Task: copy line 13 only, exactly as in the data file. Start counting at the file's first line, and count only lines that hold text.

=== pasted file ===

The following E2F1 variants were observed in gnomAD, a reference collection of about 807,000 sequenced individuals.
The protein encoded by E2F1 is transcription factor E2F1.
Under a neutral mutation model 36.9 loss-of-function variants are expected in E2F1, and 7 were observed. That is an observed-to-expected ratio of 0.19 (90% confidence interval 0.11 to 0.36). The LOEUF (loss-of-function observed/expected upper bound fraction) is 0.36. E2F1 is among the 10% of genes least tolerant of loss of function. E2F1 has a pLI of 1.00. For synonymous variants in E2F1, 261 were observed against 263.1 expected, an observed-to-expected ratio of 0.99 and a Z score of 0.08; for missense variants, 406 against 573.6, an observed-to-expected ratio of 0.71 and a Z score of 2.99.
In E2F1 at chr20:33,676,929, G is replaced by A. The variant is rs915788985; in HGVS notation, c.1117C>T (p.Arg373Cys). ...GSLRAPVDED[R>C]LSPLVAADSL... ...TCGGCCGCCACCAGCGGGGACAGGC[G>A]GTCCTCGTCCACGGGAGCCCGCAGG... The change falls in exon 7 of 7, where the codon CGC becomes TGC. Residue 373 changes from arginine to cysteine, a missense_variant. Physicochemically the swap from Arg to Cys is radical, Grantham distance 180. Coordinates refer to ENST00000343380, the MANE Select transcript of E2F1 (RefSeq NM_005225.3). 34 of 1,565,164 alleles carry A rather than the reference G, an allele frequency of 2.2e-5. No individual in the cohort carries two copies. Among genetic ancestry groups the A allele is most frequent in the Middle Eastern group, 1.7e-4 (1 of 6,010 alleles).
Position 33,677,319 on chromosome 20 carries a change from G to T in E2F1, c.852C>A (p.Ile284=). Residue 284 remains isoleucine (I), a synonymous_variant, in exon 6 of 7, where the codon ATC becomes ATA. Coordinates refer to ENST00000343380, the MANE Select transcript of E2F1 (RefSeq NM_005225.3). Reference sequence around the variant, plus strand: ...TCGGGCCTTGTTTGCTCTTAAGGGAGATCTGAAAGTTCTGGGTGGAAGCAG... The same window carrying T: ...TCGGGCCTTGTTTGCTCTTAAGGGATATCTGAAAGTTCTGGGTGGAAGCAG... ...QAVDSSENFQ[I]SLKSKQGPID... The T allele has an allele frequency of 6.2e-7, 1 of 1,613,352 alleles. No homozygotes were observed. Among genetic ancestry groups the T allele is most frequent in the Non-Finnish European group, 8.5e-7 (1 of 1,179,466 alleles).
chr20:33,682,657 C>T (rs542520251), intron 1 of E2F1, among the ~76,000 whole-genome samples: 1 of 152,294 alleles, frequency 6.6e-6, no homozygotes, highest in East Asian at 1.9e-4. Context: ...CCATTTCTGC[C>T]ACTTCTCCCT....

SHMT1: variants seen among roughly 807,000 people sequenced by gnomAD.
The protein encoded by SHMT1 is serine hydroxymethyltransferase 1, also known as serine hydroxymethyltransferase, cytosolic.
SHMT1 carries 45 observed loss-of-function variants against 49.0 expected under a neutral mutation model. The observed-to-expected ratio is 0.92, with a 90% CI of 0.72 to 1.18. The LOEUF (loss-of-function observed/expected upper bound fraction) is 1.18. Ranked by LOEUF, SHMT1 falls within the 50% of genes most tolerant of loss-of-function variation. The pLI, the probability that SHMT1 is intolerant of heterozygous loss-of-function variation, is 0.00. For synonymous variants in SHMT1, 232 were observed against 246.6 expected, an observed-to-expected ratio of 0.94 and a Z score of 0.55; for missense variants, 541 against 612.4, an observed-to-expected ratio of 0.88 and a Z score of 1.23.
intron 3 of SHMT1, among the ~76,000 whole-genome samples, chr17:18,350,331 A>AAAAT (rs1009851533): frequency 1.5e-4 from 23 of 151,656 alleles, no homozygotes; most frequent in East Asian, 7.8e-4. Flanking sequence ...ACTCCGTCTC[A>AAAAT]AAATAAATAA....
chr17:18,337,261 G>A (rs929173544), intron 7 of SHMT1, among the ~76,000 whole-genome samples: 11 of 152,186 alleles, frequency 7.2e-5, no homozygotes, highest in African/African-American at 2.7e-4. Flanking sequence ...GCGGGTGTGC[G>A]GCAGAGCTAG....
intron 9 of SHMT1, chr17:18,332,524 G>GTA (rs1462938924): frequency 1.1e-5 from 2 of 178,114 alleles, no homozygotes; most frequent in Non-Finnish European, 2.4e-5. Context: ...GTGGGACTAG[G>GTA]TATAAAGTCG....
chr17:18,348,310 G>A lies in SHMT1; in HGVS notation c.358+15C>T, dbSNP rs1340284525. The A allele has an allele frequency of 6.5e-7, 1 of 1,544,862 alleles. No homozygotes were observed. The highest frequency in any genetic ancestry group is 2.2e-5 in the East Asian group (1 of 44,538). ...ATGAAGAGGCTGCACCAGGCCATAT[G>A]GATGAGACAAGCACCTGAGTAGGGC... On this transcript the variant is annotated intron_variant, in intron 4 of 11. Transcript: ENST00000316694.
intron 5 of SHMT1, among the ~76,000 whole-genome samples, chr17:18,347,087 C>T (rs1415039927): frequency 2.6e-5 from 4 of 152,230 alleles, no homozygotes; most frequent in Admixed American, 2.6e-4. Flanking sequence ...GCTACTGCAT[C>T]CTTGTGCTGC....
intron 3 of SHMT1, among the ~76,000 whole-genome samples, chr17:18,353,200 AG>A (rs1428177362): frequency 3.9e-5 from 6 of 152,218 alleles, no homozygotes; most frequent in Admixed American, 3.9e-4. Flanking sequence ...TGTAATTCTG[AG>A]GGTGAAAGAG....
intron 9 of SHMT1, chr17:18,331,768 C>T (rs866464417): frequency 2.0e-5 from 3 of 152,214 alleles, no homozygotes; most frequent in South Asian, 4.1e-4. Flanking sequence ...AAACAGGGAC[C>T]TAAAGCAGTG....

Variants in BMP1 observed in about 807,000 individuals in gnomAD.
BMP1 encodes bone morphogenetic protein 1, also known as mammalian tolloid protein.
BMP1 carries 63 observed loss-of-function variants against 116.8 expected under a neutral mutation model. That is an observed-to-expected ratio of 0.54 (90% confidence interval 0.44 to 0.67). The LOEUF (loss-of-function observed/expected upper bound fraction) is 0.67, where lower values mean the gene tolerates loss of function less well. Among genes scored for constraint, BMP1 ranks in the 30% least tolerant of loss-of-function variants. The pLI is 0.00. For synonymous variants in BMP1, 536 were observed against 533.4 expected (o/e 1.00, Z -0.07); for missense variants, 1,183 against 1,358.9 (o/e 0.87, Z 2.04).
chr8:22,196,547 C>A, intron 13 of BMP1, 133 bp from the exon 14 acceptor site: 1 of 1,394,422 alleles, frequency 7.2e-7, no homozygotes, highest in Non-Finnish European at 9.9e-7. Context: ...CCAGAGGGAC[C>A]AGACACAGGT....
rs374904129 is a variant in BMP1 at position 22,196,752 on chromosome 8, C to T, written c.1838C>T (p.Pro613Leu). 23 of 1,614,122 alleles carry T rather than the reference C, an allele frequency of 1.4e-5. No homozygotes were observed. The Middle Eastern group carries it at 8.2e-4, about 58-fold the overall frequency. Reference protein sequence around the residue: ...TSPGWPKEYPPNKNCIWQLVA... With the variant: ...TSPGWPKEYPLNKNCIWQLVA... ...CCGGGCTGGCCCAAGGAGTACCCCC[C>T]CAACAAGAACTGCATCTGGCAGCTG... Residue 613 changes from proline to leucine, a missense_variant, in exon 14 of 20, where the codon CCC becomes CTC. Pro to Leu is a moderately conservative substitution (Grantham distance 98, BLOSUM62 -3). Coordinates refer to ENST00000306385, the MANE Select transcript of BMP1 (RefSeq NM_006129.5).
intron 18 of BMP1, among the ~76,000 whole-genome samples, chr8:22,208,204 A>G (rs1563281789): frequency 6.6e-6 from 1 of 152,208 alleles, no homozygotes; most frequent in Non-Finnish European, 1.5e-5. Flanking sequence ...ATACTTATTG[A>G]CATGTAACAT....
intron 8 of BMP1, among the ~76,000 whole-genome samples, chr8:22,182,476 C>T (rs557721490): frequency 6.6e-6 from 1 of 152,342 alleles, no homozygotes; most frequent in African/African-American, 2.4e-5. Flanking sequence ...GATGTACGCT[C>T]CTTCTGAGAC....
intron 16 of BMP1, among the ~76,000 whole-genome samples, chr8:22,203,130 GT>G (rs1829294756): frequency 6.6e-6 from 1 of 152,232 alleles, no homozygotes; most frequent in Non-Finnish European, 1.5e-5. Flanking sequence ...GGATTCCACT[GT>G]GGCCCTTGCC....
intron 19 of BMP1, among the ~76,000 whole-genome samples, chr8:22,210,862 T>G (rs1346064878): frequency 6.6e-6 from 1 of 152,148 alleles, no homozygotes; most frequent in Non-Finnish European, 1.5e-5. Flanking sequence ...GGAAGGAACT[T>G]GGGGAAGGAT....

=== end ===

chr17:18,348,310 G>A lies in SHMT1; in HGVS notation c.358+15C>T, dbSNP rs1340284525. The A allele has an allele frequency of 6.5e-7, 1 of 1,544,862 alleles. No homozygotes were observed. The highest frequency in any genetic ancestry group is 2.2e-5 in the East Asian group (1 of 44,538). ...ATGAAGAGGCTGCACCAGGCCATAT[G>A]GATGAGACAAGCACCTGAGTAGGGC... On this transcript the variant is annotated intron_variant, in intron 4 of 11. Transcript: ENST00000316694.